Why I’m Seeing Red Over Nike’s Doernbecher Retro Releases

Why I’m Seeing Red Over Nike’s Doernbecher Retro Releases

Just — Why?

A lot of people are seeing Nike’s Doernbecher retro releases through rose-colored glasses, but I’m seeing red.

Today we’re seeing the fifth and (likely) final retro release from Nike’s retrospective DB drops — Jordan Dark’s 2009 Air Jordan 6 — a pair that many have been chasing down for years, so it’s not surprising that people are happy that they’re back.

To me, the decision to retro any DB is exceptionally short-sighted. The only real goal that I observe is Nike’s hunger to drum up hype in the now. Sure, some money goes back to the hospital — but at 6,000 to 20,000 units per release, it’s not a significant contribution to the hospital by Nike’s standards.

The entire thing feels rushed. There was zero build-up, no warning and, most importantly, no inclusion of the kids who initially designed the pairs. I possibly could have tolerated it had Nike revisited the designers in their current-day situations, post-OHSU life. You know, to see how far they’ve come, what they’re doing now, what their experiences at the OHSU taught them and what they’re looking for next in life.

But, all we got were SNKRS app notifications.

It’s not even mentioned on Nike’s own news blog — just a three-sentence blurb on the side of the SNKRS release page.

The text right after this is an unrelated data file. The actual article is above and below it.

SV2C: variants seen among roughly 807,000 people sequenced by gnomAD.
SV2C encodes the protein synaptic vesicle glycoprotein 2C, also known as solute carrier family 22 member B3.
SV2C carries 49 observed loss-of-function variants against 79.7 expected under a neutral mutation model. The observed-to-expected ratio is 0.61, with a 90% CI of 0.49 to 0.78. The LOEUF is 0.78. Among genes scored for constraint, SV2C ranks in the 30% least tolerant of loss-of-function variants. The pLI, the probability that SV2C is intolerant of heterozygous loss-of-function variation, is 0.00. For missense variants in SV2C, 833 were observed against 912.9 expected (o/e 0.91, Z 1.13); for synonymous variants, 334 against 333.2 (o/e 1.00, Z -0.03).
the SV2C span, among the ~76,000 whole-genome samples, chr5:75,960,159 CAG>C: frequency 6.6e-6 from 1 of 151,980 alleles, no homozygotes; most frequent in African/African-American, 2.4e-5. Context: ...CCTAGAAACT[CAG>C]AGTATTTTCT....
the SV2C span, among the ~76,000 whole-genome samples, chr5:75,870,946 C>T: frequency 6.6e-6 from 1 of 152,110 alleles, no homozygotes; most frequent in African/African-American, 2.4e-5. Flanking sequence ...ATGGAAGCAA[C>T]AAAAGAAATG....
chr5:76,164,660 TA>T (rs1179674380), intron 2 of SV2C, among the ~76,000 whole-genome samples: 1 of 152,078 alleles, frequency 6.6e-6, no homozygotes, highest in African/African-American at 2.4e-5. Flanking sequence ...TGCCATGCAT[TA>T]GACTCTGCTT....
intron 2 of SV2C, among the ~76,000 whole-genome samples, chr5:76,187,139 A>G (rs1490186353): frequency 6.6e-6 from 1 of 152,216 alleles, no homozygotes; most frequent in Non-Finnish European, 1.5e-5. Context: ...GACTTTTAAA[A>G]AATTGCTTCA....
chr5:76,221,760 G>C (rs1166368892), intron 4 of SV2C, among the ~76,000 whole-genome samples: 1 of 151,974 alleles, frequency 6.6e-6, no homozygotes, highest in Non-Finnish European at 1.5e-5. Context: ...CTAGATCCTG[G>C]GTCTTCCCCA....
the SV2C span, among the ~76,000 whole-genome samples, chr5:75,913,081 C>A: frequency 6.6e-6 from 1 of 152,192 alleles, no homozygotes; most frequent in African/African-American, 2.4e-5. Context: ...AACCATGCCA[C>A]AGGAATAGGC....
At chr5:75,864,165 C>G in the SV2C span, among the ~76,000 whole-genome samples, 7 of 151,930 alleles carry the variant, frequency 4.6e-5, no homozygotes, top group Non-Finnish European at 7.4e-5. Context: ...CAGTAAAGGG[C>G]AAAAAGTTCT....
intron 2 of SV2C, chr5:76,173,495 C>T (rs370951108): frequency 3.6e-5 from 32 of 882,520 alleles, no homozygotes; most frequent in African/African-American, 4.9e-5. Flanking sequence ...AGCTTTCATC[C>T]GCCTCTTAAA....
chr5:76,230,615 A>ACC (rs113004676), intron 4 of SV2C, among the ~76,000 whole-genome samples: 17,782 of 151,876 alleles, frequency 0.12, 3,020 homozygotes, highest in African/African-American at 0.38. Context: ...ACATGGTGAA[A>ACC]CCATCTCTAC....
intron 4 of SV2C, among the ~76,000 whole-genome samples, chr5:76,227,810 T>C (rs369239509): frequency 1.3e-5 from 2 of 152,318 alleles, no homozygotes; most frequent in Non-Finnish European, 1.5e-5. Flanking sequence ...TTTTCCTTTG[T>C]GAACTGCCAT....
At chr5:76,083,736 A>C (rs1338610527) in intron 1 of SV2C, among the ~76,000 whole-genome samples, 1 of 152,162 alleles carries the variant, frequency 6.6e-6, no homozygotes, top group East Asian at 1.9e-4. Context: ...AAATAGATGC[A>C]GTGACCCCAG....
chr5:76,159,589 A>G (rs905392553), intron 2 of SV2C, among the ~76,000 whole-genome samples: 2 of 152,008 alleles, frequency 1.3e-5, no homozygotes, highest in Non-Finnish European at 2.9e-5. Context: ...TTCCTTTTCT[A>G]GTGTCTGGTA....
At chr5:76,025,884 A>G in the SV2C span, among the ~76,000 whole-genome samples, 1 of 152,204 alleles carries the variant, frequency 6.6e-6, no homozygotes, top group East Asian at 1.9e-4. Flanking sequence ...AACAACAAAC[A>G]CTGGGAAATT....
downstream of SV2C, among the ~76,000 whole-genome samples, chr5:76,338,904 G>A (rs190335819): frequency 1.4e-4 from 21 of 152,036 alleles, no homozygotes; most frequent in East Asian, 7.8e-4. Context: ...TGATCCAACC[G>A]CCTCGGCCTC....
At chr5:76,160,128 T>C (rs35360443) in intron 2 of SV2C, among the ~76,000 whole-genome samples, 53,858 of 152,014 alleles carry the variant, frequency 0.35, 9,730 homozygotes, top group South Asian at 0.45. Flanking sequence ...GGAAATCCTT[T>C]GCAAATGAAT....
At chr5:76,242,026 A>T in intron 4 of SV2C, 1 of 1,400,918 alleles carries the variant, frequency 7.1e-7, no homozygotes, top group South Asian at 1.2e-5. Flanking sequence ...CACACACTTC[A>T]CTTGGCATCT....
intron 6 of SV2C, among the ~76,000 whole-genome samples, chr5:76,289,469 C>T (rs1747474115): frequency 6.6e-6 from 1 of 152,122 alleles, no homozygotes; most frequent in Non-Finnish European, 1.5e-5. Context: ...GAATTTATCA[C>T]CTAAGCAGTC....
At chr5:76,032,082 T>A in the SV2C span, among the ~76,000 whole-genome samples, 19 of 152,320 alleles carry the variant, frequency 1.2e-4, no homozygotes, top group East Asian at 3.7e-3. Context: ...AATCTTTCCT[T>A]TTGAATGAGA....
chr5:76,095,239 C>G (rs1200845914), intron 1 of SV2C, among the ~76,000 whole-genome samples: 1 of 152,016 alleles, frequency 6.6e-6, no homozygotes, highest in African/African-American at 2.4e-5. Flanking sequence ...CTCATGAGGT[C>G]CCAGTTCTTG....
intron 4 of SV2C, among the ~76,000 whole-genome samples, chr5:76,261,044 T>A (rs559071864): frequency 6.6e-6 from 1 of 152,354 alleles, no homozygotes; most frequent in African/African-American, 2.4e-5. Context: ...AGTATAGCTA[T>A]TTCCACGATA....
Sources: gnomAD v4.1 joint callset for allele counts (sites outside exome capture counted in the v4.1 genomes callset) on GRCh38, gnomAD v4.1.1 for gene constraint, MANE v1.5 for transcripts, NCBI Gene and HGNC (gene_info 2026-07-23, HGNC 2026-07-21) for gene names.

Way to make the kids feel important.

Past designers like Jordan Dark (Air Jordan 6) have been pushed to the side for Nike to create hype off the back of their sentimental designs. Image via Sole Collector


But who gives a fuck about the story of each child’s courageous battles when you can just build up some market clout off the back of their sentimental designs? Right?

What repercussions does such a maneuver make on the Doernbecher Freestyle collections? How will this affect the market’s perspective of the future and past Doernbecher freestyle collections?

Doernbecher releases are meant to be exclusive, because — in contrast to limited-edition celebrity collaborations — these are special releases. Each child who designs a Nike or Jordan Brand Doernbecher sneaker obviously has an incredible story of courage to tell. It’s an outlet for the kids to share their life with the world, and for the world to root for them back. It needs to not only feel special for us, but for them, too. Re-releasing Doernbecher pairs can make their efforts feel like a pawn in Nike’s hype-driven marketing plan. Re-releasing a DB not only cheapens the original release (no, I’m not talking about resale value) but it puts the entire future of the partnership into question. Will pairs be less sought after now, knowing that one day they will probably release again? They definitely lose their influence thanks to Nike’s effort, making the entirety of the last 15 years of collaboration less impactful.

Just because people want them, and just because units will sell-out, it doesn’t mean it’s always good for the brand. For a project that has historically shown so much compassion and consideration, this decision seemingly had neither.


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